Workshop: Exploring Microservices Through Industry Examples

Workshop: Exploring Microservices Through Industry Examples

Regular expressions are on of the most powerful tools in a developer’s toolkit. But let’s be honest, regex kind of sucks to write. Not only is it hard to write, but it’s also hard to read and debug too. So how can we make it easier to use?

In its traditional form, regex defines powerful string patterns in a very compact statement. One trade-off we can make is to use a more verbose syntax that is easier to read and write. This is the purpose of a package like regexpbuilderjs.

The regexpbuilderjs package is actually a port of the popular PHP package, regexpbuilderphp. The regexpbuilderphp package itself is a port of an old JS package, regexpbuilder, which now seems to be gone. This new package is meant to continue the work of the original regexpbuilder package.

All credit goes to Andrew Jones for creating the original JS version and Max Girkens for the PHP port.


To install the package, you can use npm:

$ npm install regexpbuilderjs


Here’s a simple example of how you can use the package:

const RegExpBuilder = require('regexpbuilderjs');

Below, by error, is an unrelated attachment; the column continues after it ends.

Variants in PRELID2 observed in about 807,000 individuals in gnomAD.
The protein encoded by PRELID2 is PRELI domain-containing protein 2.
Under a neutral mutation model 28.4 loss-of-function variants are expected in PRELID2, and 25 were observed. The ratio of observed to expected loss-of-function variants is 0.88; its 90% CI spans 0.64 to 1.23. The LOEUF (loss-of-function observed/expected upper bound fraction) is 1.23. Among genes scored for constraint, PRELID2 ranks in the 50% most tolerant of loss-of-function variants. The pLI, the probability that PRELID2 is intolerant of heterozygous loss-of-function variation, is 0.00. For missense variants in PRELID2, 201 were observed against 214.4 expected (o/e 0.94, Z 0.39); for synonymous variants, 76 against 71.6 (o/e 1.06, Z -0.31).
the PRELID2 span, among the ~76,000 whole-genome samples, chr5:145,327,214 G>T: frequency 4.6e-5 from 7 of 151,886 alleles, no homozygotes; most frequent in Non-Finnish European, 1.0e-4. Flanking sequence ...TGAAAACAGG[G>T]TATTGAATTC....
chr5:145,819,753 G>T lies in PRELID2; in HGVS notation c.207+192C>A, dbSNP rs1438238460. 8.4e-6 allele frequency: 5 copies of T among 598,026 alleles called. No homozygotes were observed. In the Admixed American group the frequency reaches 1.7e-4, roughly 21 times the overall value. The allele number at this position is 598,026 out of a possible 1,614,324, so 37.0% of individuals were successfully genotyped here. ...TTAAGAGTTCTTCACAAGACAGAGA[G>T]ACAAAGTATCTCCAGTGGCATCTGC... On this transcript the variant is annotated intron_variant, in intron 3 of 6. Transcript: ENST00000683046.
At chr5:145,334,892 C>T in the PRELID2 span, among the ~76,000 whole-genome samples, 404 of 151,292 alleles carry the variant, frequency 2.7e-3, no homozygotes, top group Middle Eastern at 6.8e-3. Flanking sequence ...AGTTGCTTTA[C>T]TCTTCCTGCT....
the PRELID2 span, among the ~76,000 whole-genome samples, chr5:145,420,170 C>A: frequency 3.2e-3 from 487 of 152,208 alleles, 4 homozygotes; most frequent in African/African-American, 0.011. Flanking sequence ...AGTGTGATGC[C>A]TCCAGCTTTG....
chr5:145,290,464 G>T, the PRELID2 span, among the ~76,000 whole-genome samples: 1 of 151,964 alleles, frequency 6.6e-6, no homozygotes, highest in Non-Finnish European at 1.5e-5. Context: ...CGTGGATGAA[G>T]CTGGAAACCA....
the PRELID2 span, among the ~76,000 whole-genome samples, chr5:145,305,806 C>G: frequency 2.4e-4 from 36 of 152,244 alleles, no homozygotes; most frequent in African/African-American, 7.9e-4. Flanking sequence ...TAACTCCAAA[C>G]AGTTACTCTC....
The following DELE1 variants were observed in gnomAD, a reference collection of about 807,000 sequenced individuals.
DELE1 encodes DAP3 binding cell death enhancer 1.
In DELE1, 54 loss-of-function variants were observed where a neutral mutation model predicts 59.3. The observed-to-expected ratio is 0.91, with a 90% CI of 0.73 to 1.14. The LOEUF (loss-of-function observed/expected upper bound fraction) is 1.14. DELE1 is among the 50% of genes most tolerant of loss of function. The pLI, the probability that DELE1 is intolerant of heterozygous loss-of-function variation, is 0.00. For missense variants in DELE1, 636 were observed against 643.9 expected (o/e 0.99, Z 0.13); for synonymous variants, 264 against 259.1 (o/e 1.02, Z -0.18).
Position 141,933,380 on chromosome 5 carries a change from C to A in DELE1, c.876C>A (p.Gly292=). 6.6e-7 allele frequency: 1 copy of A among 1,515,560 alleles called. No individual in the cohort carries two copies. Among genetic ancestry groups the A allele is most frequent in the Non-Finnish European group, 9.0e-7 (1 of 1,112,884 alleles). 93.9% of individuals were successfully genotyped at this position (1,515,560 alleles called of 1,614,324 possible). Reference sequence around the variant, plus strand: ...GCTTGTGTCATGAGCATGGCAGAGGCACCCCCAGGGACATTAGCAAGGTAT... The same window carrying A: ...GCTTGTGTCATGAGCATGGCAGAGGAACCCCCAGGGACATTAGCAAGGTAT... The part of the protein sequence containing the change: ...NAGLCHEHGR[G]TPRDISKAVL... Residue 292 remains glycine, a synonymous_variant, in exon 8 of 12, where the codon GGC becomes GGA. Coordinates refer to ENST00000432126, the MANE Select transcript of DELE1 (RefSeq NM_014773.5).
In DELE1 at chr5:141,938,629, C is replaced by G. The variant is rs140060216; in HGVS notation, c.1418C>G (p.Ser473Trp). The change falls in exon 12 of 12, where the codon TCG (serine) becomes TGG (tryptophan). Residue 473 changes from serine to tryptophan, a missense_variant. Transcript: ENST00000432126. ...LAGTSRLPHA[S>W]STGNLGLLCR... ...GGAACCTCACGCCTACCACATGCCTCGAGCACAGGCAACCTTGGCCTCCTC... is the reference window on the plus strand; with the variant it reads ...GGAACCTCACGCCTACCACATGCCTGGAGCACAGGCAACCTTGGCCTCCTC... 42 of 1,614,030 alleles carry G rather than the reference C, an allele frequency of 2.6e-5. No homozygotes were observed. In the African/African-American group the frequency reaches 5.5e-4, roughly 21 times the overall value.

const builder = new RegExpBuilder();
const regEx = builder

Now let’s break this down a bit. The RegExpBuilder class is the main class that you’ll be using to build your regular expressions. You can start by creating a new instance of this class and chain methods together to create your regex:

  • startOfLine(): This method adds the ^ character to the regex, which matches the start of a line.
  • exactly(1): This method adds the {1} quantifier to the regex, which matches exactly one occurrence of a given character or group.
  • of('S'): This method adds the S character to the regex.
  • getRegExp(): This method returns the final RegExp object that you can use to match strings.

With this, you can match strings like “Scott”, “Soccer”, or “S418401”.

This is great and all, but this is probably a regex string you could come up with on your own and not struggle too much to read. So now let’s see a more complex example:

const builder = new RegExpBuilder();

const regExp = builder
    .anyOf(['png', 'jpg', 'gif'])

This regex is meant to match filenames, which may look like:

  • 2020_10_hund.jpg
  • 2030_11_katze.png
  • 4000_99_maus.gif

Some interesting parts of this regex is that we can specify type of strings (i.e. digits()), min and max occurrences of a character or group (i.e. min(3).max(10)), and a list of possible values (i.e. anyOf(['png', 'jpg', 'gif'])).

For a full list of methods you can use to build your regex, you can check out the documentation.

This is just a small taste of what you can do with regexpbuilderjs. The package is very powerful and can help you build complex regular expressions in a more readable and maintainable way.


Comments, questions, and suggestions are always welcome! If you have any feedback on how this could work better, feel free to reach out on X. In the meantime, you can check out the repo on GitHub and give it a star while you’re at it.

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